EFF joins Winterveld community march against police ’corruption, laziness’
Pretoria - Police officers at Loate Police Station, in Winterveld, on Saturday came under attack from community members, who accused them of corruption and laziness during an EFF-led march.
Some residents in Mabopane and Winterveld marched to the station to demand action to eradicate corruption, laziness and sloppy investigations that affected police work.
Many people claimed to have lost confidence in the station due to shoddy work, inept investigations and arrogance from officials, to the extent that the station was becoming “a place to just certify documents.”
EFF regional secretary Obakeng Ramabodu led protesters outside the police station’s gate, after their local members discovered that people had various grievances arising from problems with the station.
Ramabodu and the EFF's ward candidate councillor Esther Masanabo brought people with stories about how they were allegedly denied adequate assistance at the station.
Masanabo said: “We need to build strategic and working relationships with the cohesive components of the state, particularly the police. It is within that context that, today, we are here at Loate Police Station to submit a memorandum on behalf of the residents.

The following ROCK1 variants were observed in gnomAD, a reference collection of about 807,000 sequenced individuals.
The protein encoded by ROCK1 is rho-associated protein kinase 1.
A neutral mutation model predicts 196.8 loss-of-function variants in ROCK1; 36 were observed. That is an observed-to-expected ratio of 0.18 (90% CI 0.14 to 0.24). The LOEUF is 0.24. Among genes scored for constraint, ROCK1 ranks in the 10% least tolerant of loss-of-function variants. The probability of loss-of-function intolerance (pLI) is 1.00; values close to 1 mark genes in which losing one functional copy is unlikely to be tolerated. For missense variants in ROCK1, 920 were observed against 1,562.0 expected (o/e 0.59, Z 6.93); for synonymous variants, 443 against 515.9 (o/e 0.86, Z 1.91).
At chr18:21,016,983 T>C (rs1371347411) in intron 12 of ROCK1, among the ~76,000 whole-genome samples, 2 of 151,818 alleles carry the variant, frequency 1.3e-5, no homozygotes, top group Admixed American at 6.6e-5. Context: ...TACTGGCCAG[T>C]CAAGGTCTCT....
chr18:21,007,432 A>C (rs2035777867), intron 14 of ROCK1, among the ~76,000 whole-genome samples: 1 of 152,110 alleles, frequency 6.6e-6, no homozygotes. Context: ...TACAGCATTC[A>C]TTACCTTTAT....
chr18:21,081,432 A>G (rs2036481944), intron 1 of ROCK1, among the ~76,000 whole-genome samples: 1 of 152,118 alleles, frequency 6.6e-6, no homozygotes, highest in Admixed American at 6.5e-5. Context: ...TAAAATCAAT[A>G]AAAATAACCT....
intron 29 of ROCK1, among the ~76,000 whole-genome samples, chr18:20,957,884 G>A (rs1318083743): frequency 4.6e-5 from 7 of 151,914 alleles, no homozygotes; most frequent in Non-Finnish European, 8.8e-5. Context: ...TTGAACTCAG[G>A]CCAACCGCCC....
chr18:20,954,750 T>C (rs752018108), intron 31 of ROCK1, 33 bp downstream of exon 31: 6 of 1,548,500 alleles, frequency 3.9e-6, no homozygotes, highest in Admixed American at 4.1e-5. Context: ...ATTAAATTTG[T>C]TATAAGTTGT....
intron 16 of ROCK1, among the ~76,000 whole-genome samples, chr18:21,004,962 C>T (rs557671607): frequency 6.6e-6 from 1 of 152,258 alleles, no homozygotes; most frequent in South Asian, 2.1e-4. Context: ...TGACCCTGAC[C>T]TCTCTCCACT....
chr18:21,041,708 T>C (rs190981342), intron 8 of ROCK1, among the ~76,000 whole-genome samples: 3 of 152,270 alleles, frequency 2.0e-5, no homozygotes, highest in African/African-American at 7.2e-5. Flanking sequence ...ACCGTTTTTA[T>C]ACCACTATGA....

“During engagements with communities, we have heard various reports of criminal activities that happen within the communities but remain unattended to, or the suspects are simply let loose without facing the might of the law.”
She said the station should give the community its crime statistics, and updates on investigations and cases, especially on matters relating to gender-based violence, child abuse, house robberies and housebreakings, which are common crimes in the area.
Ramabodu said, as a child from Lebanon, it was disappointing to see the police station lose its respect and integrity due to a few rotten officers, who failed to do their work, and created a strained relationship between the police station and the people it was meant to serve.
He said it was particularly concerning that the protest took place at the entrance for over an hour, but not a single person or vehicle could be seen coming to the station. He said that normally would be a great indicator that the police were working hard and that there was no crime in the area, but unfortunately that was not the case.
“When a police station is standing like this, it was not built by former president Thabo Mbeki or Jacob Zuma as our people like to say. Where would they get that kind of money? It was built by your taxes. You, therefore, have a right to ensure that taxpayers’ money is utilised properly.
“That accountability is what we want to see from the police here, because we pay for the vehicles that they use and everything else – including their uniforms and firearms. Can we please get some results?” Ramabodu asked.
Captain Gabanthate Ramaswele told the crowd that the police station belongs to them and that they should not give up or be afraid to report criminals from the communities where they reside, and even within the station itself.
She said cases will be investigated and their grievances would be submitted to senior police officials in Tshwane.